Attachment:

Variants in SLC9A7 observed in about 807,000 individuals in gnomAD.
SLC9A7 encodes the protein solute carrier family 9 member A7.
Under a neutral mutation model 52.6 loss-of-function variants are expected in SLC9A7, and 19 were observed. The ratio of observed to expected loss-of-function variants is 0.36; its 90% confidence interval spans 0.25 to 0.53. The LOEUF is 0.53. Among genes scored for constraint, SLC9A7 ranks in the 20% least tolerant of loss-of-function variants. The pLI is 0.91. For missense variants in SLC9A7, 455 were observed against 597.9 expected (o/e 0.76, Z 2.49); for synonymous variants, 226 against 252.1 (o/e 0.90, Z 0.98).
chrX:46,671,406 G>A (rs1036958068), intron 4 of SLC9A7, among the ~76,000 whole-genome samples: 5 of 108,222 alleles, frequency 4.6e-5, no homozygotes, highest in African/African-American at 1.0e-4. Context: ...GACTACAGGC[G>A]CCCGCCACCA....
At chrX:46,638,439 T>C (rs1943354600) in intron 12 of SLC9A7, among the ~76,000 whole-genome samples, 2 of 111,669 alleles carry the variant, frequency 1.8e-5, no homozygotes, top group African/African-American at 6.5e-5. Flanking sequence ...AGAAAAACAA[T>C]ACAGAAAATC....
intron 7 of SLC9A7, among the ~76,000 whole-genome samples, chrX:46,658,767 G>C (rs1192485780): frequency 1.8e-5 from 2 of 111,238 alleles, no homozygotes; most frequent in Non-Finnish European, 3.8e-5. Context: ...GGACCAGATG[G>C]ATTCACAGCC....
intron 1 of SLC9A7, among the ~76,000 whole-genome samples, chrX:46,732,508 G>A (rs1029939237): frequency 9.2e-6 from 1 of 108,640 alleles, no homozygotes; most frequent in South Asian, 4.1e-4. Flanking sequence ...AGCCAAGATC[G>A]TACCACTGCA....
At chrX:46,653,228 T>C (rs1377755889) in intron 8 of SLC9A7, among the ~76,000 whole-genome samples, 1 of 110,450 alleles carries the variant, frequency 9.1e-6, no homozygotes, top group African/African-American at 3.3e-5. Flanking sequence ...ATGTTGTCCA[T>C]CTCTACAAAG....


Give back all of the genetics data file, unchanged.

Variants in SLC9A7 observed in about 807,000 individuals in gnomAD.
SLC9A7 encodes the protein solute carrier family 9 member A7.
Under a neutral mutation model 52.6 loss-of-function variants are expected in SLC9A7, and 19 were observed. The ratio of observed to expected loss-of-function variants is 0.36; its 90% confidence interval spans 0.25 to 0.53. The LOEUF is 0.53. Among genes scored for constraint, SLC9A7 ranks in the 20% least tolerant of loss-of-function variants. The pLI is 0.91. For missense variants in SLC9A7, 455 were observed against 597.9 expected (o/e 0.76, Z 2.49); for synonymous variants, 226 against 252.1 (o/e 0.90, Z 0.98).
chrX:46,671,406 G>A (rs1036958068), intron 4 of SLC9A7, among the ~76,000 whole-genome samples: 5 of 108,222 alleles, frequency 4.6e-5, no homozygotes, highest in African/African-American at 1.0e-4. Context: ...GACTACAGGC[G>A]CCCGCCACCA....
At chrX:46,638,439 T>C (rs1943354600) in intron 12 of SLC9A7, among the ~76,000 whole-genome samples, 2 of 111,669 alleles carry the variant, frequency 1.8e-5, no homozygotes, top group African/African-American at 6.5e-5. Flanking sequence ...AGAAAAACAA[T>C]ACAGAAAATC....
intron 7 of SLC9A7, among the ~76,000 whole-genome samples, chrX:46,658,767 G>C (rs1192485780): frequency 1.8e-5 from 2 of 111,238 alleles, no homozygotes; most frequent in Non-Finnish European, 3.8e-5. Context: ...GGACCAGATG[G>C]ATTCACAGCC....
intron 1 of SLC9A7, among the ~76,000 whole-genome samples, chrX:46,732,508 G>A (rs1029939237): frequency 9.2e-6 from 1 of 108,640 alleles, no homozygotes; most frequent in South Asian, 4.1e-4. Flanking sequence ...AGCCAAGATC[G>A]TACCACTGCA....
At chrX:46,653,228 T>C (rs1377755889) in intron 8 of SLC9A7, among the ~76,000 whole-genome samples, 1 of 110,450 alleles carries the variant, frequency 9.1e-6, no homozygotes, top group African/African-American at 3.3e-5. Flanking sequence ...ATGTTGTCCA[T>C]CTCTACAAAG....